Sign Industry: “The Law is interfering with my illegal income!!”

This is like the mafia complaining that law enforcement hurts their business…

Sign companies claim billboard fines are crippling the ad industry

BY Adam Lisberg

New York’s crackdown on oversized billboards is hurting the ad industry, as sign companies say inspectors are hitting them with huge fines for minor infractions.

“Here is an industry that is synonymous with New York, and it employs a lot of people, but it seems the city is targeting it,” said City Councilman Bill de Blasio (D-Brooklyn).

The Post reported that de Blasio, just days after making this statement, received an $8,000 payout from the sign industry.  (and you thought I was joking with that mafia comment)

“The fines given to one single billboard can go over $100,000, but the fines issued in the East Side crane collapses were a fraction of that,” he noted.

“It’s like the world turned upside down.”

De Blasio would be partially right if  the fines were issued to begin with.  Part of the problem is that the DOB doesn’t have the resources to make all the inspections. All while the city throws millions of dollars at the NYPD Vandal Task Force to arrest penniless graffiti artists like Poster Boy. Fines aren’t issued on most illegal billboards, and when they are, the fines aren’t enough – each billboard can make thousands of dollars every month. A well placed billboard in Manhattan can fetch $50,000/month, making a “potential” risk of a $100,000 fine begin to look like a minor business expense.

But more than anything, we’re talking about an industry that is operating illegally.  Why shouldn’t they be fined?  And why should we feel bad for them if they do?

The crackdown began in 2006 after the City Council, reacting to community pressure, passed tough new restrictions on billboards next to major roads and on outsized ads covering entire building walls.

“It’s there to address a real problem,” said Councilwoman Melinda Katz (D-Queens), who pushed those laws through. “We put together a huge coalition to make this happen.”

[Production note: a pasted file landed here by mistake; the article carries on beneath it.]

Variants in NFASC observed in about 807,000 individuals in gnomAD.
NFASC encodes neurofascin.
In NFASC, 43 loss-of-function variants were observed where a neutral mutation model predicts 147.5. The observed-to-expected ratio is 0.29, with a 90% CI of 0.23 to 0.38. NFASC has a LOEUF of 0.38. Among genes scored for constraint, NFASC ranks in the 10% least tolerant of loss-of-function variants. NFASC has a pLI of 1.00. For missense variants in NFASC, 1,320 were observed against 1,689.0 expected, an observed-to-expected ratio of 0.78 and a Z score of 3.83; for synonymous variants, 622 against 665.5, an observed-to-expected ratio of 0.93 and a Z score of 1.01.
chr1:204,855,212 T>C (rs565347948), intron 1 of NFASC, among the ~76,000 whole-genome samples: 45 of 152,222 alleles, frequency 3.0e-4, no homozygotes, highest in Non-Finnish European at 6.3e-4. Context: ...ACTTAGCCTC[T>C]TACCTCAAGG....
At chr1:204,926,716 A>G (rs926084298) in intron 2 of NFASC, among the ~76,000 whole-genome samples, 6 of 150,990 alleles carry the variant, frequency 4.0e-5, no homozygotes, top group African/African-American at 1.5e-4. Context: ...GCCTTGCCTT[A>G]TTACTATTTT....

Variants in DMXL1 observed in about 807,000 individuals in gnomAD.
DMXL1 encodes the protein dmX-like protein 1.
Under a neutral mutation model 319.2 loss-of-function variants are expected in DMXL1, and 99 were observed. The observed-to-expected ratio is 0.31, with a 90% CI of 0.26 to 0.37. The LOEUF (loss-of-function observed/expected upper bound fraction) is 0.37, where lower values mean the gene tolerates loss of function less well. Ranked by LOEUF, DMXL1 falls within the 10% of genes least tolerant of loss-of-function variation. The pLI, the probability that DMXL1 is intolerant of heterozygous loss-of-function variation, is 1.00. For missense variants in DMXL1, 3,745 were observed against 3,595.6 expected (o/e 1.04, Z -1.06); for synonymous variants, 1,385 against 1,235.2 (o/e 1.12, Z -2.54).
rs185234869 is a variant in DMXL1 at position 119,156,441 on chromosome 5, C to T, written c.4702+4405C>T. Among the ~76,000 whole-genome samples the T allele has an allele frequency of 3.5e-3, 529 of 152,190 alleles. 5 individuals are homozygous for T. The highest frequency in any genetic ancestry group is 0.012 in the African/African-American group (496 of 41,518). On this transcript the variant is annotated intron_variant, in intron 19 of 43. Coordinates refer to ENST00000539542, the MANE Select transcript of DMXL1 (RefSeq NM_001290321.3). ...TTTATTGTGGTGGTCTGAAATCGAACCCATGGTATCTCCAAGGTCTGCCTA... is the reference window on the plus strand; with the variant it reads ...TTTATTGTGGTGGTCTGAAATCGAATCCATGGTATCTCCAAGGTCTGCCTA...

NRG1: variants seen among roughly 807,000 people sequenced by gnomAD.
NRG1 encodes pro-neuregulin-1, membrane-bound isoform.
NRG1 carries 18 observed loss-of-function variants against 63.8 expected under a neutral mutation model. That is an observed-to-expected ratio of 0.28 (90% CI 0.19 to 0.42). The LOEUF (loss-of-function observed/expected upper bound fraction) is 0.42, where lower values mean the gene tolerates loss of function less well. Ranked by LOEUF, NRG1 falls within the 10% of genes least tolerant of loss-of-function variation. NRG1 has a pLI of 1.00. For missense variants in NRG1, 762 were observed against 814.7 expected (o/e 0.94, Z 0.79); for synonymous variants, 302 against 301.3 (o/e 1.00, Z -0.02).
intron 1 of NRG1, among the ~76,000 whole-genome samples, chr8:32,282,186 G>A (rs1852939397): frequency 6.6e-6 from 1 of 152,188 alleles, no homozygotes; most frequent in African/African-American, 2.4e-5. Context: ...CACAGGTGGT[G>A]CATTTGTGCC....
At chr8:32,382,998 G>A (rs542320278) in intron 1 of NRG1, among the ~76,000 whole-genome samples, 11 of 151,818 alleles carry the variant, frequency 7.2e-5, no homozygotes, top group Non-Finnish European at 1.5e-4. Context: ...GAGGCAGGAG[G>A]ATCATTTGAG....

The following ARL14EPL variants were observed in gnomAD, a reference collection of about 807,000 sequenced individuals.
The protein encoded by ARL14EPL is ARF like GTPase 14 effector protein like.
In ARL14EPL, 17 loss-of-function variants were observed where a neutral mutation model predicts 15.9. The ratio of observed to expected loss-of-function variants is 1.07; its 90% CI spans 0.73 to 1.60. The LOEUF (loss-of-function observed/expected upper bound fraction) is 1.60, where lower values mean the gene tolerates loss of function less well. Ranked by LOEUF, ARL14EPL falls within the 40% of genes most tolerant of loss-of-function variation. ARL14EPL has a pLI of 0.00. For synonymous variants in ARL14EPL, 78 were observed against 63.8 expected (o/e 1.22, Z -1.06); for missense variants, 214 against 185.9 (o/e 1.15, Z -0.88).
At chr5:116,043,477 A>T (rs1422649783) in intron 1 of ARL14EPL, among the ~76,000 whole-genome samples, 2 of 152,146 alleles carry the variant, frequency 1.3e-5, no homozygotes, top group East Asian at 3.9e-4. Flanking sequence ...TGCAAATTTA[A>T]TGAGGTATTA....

Each violation can cost up to $25,000, and each sign can trigger multiple violations – which city officials said is necessary to deter signs that generate enormous profits.

Again, if and when the fine is ever issued.

“They would nitpick on every little thing to come up with eight different violations,” said Michael Eisenberg, spokesman for OTR Media Group, one of the city’s major billboard companies.

“This is the same Buildings Department that should be cracking down on unsafe buildings.”

“Little things” like fire hazards, blocking windows and fire escapes of apartment dwellers, and the wholesale theft of public spaces for billboard companies profits.  The DOB is working on unsafe buildings every day and… hey, wouldn’t those fines help pay part of the DOB budget?

Billboard companies have sued to block the new rules, and city officials have been reluctant to discuss the dispute while the case is in the courts.

When the Buildings Department targeted large outdoor signs in 2007, it said 20% of building owners voluntarily removed signs when told they were illegal.

Agency spokesman Tony Sclafani defended the crackdown.

“Illegal signs can pose a danger to the public if not safely installed,” Sclafani said. “The safety of New Yorkers is the department’s top priority.”

Billboard companies in New York have been operating illegally for years, are sapping city resources in the courts in an effort to change the laws they break in their favor, and here they manage a way to whine in the press about fines they barely receive from enforcement that is barely happening – as an example; note this DOB record of a billboard I personally reported that hasn’t been acted on since I called it in 9 months ago.  De Blasio deserves to be ridiculed for standing up to defend corporate criminals, more so to take money for it, when he was elected as a Democrat to represent the people of Brooklyn.  Shame.

Thanks to Jordan at PublicAdCampaign

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One Comment

  1. Bad reporting always goes with whatever the officials say — in this case it may do a little more harm than in most.

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